Nigel Farage’s Brexit Party will be inspected by Britain’s election watchdog to ensure its online donations system is legal.
The Electoral Commission announced a visit to the party’s HQ at the same time as Farage was drenched by a milkshake in a protest on the streets of Newcastle.
Last week a Mirror investigation revealed loopholes in the law and the party’s website could allow millions in untraceable donations to pour into the party.
And today, the party’s chairman Richard Tice repeatedly failed to say whether the party was accepting foreign cash.
An Electoral Commission spokesperson said: “The Brexit Party, like all registered political parties, has to comply with laws that require any donation it accepts of over £500 to be from a permissible source.
“It is also subject to rules for reporting donations, loans, campaign spending and end of year accounts. We have already been talking to the party about these issues.
“As part of our active oversight and regulation of these rules, we are attending the Brexit Party’s office tomorrow to conduct a review of the systems it has in place to receive funds, including donations over £500 that have to be from the UK only.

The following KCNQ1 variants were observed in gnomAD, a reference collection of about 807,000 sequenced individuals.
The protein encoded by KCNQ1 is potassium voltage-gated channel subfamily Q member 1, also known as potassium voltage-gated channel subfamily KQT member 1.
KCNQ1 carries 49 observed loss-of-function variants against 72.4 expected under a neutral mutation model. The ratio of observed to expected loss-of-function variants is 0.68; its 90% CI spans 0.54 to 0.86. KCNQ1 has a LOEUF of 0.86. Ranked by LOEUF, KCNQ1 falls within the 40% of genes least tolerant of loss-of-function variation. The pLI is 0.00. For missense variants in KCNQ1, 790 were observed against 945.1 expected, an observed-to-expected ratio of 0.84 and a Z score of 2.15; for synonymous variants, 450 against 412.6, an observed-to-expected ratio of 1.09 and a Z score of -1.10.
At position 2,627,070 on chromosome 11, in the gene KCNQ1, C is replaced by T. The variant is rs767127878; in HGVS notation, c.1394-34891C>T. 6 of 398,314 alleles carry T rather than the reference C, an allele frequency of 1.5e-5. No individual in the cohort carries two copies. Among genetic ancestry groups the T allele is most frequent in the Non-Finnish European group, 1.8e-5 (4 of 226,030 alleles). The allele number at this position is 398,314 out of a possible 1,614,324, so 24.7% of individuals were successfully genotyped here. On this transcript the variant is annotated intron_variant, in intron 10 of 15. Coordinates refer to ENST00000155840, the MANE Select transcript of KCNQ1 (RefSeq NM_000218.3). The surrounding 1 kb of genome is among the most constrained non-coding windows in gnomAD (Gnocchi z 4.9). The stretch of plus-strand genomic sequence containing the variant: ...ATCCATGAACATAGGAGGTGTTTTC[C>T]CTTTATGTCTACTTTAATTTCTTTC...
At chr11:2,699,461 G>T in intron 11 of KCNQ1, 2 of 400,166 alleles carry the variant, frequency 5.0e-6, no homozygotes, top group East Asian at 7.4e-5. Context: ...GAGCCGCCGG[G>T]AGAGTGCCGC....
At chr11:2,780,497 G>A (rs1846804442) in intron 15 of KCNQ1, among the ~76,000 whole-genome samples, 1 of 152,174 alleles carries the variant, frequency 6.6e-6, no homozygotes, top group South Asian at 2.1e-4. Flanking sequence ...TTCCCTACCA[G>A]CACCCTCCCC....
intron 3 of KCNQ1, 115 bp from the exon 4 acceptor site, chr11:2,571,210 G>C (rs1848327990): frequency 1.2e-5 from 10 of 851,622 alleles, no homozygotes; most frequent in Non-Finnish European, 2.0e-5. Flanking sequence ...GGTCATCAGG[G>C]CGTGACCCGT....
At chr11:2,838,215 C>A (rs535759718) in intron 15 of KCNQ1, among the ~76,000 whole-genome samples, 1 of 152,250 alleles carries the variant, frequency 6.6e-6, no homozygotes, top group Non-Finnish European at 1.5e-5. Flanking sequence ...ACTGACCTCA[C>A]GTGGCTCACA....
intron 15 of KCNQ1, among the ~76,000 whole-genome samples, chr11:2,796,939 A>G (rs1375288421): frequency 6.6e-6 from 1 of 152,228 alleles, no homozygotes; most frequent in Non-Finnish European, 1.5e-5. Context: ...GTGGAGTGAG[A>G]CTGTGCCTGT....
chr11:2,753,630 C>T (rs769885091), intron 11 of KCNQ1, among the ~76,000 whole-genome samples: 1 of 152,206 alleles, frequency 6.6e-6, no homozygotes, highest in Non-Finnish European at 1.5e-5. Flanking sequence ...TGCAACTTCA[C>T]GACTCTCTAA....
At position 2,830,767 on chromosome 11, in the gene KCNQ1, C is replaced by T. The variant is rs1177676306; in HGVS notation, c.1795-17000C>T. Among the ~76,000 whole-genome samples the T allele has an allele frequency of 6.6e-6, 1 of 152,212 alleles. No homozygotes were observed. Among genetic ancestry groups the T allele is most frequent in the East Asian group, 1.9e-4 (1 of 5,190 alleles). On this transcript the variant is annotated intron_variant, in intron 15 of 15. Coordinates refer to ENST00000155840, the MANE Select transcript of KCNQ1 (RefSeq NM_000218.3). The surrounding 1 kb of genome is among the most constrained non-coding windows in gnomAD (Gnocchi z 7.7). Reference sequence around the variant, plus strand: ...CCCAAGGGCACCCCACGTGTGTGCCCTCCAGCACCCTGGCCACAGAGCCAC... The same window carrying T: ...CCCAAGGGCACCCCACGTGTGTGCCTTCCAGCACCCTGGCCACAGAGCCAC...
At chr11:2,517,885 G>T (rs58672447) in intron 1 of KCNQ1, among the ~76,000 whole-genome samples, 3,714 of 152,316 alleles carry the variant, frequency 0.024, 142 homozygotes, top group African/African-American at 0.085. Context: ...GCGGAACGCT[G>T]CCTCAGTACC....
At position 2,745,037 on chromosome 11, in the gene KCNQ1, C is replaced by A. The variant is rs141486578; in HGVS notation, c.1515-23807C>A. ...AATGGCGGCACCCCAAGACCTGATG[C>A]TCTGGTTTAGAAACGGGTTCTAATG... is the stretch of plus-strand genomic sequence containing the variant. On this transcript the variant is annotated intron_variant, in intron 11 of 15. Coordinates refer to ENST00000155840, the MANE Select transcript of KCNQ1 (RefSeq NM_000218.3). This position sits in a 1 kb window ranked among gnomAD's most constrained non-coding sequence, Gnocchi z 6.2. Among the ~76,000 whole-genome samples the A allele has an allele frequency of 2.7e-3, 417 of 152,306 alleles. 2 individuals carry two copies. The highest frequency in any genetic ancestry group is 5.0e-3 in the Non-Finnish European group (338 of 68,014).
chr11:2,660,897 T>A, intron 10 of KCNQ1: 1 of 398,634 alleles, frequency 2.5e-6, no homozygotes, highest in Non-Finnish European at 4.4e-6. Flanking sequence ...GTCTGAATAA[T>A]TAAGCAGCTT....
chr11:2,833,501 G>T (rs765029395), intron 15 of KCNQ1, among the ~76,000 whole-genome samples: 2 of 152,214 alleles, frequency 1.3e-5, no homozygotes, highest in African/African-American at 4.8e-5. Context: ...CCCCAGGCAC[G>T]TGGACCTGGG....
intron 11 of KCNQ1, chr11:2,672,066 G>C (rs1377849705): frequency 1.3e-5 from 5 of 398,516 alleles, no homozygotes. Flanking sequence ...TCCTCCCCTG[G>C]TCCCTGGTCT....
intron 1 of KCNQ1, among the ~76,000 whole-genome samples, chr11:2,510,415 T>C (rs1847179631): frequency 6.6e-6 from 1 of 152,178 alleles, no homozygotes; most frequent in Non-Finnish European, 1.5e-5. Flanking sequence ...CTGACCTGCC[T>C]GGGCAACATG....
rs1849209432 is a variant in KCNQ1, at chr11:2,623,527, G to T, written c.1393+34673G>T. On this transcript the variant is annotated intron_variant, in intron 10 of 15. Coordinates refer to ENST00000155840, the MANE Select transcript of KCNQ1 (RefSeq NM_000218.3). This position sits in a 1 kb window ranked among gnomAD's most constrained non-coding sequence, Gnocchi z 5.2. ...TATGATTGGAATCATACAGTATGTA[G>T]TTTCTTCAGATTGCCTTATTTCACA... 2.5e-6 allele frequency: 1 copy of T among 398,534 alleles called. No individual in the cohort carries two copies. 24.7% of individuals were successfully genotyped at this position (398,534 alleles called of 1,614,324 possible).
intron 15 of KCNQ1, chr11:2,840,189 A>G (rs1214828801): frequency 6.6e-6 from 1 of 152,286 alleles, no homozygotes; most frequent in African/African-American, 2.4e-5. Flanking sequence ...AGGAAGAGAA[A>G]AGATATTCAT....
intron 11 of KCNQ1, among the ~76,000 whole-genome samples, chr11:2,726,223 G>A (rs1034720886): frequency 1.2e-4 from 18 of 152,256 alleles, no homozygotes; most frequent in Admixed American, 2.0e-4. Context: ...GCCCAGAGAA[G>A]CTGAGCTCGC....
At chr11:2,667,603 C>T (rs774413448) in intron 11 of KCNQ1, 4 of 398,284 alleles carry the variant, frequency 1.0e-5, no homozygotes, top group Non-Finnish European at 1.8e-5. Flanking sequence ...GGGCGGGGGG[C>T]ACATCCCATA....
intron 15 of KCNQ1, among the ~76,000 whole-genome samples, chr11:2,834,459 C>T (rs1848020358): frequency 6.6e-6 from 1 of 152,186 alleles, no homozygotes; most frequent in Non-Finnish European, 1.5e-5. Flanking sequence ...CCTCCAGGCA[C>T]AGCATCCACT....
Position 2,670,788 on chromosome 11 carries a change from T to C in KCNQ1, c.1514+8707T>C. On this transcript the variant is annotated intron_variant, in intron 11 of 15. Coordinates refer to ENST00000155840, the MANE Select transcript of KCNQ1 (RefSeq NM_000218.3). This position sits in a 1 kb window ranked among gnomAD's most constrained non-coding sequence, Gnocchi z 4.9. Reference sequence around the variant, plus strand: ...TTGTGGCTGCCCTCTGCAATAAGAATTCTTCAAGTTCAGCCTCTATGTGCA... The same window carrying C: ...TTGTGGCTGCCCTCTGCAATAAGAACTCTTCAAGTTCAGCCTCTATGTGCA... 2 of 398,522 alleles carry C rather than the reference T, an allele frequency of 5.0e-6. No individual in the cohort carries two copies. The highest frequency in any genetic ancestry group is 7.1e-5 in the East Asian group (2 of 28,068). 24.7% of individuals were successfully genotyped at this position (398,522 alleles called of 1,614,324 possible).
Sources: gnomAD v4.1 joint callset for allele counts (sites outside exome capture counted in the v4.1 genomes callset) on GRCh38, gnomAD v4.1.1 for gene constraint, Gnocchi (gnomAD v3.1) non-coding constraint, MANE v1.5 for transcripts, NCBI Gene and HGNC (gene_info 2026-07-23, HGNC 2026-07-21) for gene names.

“If there’s evidence that the law may have been broken, we will consider that in line with our Enforcement Policy.”
Tice was asked three times by the BBC’s Nick Robinson, if more than £2.5million in small donations to Nigel Farage's campaign included foreign money.
But he refused to give a straight answer – instead calling the accusations "ridiculous" and accusing his critics of being "jealous".
MPs are probing "dark money" in politics after the Mirror revealed Brexit Party donors can give up to £500 through Paypal without safeguards to check they are eligible to donate in the UK.
Eventually Mr Tice conceded he didn't know if some of the cash pouring through the party's Paypal account is in foreign currency.
He insisted "as I understand that's not illegal" before saying: "I don’t sit in front of the Paypal account all day so I don’t know what currencies people are paying in."
It came as Gordon Brown today was set to demand an urgent investigation into the Brexit Party's funding and warned crowdfunding could be "a cover for dirty money".
Mr Brown will say: "He won't be remembered as a man of the people, he'll be remembered as a man of the PayPal."
Mr Farage accused the former Prime Minister of an "absolutely disgusting smear" against his party.
"How dare he?" Mr Farage said on a campaign visit to Exeter.
"Most of our money has been raised by people giving £25 to become registered supporters and nearly 110,000 of them now have done that.
"Frankly, this smacks of jealousy because the other parties simply can't do this.
"How open can we be? What you have got here are the conspiracy theorists doing their utmost to try and delegitimise what is the fastest-growing political movement this country has ever seen."
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